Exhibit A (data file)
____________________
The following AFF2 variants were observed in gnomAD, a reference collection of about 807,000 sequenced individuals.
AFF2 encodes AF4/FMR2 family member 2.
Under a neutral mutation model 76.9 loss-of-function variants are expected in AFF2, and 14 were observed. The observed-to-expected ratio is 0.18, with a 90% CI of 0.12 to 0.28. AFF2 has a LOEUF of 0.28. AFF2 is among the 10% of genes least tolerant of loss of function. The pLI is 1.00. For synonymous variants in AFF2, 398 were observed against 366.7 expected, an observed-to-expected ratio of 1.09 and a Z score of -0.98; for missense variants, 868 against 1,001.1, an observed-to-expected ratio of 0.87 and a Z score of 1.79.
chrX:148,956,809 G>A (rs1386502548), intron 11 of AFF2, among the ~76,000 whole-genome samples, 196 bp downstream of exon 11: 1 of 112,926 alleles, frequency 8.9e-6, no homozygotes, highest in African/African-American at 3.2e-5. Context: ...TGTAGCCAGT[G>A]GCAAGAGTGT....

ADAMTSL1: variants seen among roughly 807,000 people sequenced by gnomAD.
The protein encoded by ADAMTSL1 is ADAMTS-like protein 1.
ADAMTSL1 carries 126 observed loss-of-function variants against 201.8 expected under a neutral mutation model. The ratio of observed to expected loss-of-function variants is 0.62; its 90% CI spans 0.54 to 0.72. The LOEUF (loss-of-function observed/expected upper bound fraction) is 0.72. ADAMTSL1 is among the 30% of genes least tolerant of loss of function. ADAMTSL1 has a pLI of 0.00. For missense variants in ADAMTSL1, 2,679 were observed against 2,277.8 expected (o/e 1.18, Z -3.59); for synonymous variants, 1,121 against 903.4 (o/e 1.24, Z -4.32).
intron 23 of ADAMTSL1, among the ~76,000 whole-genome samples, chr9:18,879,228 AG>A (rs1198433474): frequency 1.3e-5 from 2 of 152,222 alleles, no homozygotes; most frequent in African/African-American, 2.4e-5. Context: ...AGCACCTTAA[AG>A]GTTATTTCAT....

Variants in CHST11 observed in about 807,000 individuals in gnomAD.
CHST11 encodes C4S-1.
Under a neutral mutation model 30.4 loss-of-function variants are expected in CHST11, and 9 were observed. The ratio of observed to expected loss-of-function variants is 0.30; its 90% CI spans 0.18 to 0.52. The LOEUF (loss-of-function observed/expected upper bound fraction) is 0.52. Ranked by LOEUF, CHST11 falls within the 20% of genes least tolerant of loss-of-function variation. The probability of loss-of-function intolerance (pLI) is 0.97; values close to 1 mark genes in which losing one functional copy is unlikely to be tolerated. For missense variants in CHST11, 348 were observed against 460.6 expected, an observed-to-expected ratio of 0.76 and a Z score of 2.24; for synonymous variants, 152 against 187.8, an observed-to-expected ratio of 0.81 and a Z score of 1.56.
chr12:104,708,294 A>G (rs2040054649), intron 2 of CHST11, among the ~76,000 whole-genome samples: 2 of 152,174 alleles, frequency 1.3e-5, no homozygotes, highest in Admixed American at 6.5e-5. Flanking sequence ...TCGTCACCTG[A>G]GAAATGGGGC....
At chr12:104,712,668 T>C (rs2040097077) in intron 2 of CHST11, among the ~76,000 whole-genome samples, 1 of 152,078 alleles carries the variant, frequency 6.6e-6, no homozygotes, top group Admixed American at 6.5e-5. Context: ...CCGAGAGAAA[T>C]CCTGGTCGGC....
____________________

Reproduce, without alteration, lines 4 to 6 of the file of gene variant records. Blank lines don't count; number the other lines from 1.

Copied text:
chrX:148,956,809 G>A (rs1386502548), intron 11 of AFF2, among the ~76,000 whole-genome samples, 196 bp downstream of exon 11: 1 of 112,926 alleles, frequency 8.9e-6, no homozygotes, highest in African/African-American at 3.2e-5. Context: ...TGTAGCCAGT[G>A]GCAAGAGTGT....

ADAMTSL1: variants seen among roughly 807,000 people sequenced by gnomAD.
The protein encoded by ADAMTSL1 is ADAMTS-like protein 1.